Tuesday, December 10, 2013

Homeless Children

Want something to think about as Christmas rolls nearer? How about this? There are more homeless children in America right now than at any time since the Great Depression.
by Charlie Leck

The current estimates are that 1.6 million children are homeless in America (that is, these are children who go to sleep every night somewhere other than their own home). They are often confused and they often grow up to be angry, feeling that they’ve been cheated somehow by the system. Let’s not quibble about how they got cheated. Let’s concentrate on the fact that they, by and large, become less than perfect and model citizens – unless, of course, there is some serious intervention along the way.

Here, in Minnesota, we’re doing better than many states. The estimate, by people deeply involved in the questions and the problems of homelessness here, is that only 15,000 children will be homeless tonight. We have emergency shelters enough for about ten percent of those children. This is according to estimates provided by homelesschildrenamerica.org. You can go to the organization’s web site and take a peek at how your state is doing. It is sad, of course, to think about the other 90 percent. The temperatures will be significantly below zero tonight throughout our state.

Let’s say the organization is off by a third or so and there are only a million homeless children in America right now! Does that make you feel better? Wow!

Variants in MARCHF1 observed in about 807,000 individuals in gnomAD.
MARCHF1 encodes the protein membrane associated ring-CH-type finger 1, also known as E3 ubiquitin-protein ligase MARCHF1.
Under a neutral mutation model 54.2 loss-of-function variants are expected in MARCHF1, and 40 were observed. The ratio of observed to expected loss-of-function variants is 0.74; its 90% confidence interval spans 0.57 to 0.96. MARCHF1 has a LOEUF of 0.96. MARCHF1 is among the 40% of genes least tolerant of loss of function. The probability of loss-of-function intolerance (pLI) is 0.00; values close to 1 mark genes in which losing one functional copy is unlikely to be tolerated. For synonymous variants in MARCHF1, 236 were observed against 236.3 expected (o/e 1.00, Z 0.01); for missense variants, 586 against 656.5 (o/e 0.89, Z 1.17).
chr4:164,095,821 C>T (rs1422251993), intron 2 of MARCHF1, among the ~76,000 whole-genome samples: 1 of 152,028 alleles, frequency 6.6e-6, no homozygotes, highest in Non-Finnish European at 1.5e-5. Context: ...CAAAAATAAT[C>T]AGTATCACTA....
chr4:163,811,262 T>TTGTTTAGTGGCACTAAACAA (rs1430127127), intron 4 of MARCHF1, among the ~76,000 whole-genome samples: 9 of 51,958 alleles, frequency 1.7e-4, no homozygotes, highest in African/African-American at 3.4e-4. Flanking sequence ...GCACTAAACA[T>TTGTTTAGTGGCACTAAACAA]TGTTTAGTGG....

We, the United States of America, with a million homeless children! What the? I repeat that: What the? (I learned from a daughter of mine that the common, social media way to communicate the same question is with a simple abbreviation – WTF?

I mean, we boast that we are the greatest nation on earth, but we have problems of poverty that are absolutely shocking.

And the conservative political parties in our nation think we are spending too much money on what they like to sneeringly call entitlements. How, in good conscience, can conservatives stand by and not see that that the government needs to have a significant roll in making sure these children do not just get lost in the system and end up in an endless and enduring cycle of homelessness, poverty and crime.

Entitled to what?
These children have certain constitutional entitlements that cannot be denied. And citizens and legislative leaders should make sure these are delivered. To end the cycle, we must provide proper and comfortable shelter, nourishment, and clothing. And, we must then ensure a quality education that will help them become productive citizens in the future.

Such entitlements might sound expensive, but that is only if they are looked at as a cost – as an expense. When seen as an investment in the future, they will then be recognized in the true light of their wisdom; and we shall realize that the nation will benefit from the futures such children will have in our American society.
The New York Times is running a series of stories this week on The Invisible Children. It is a series profiling individual homeless children who are among the more than 22,000 homeless children in New York City. The writing and photographs are extraordinary.


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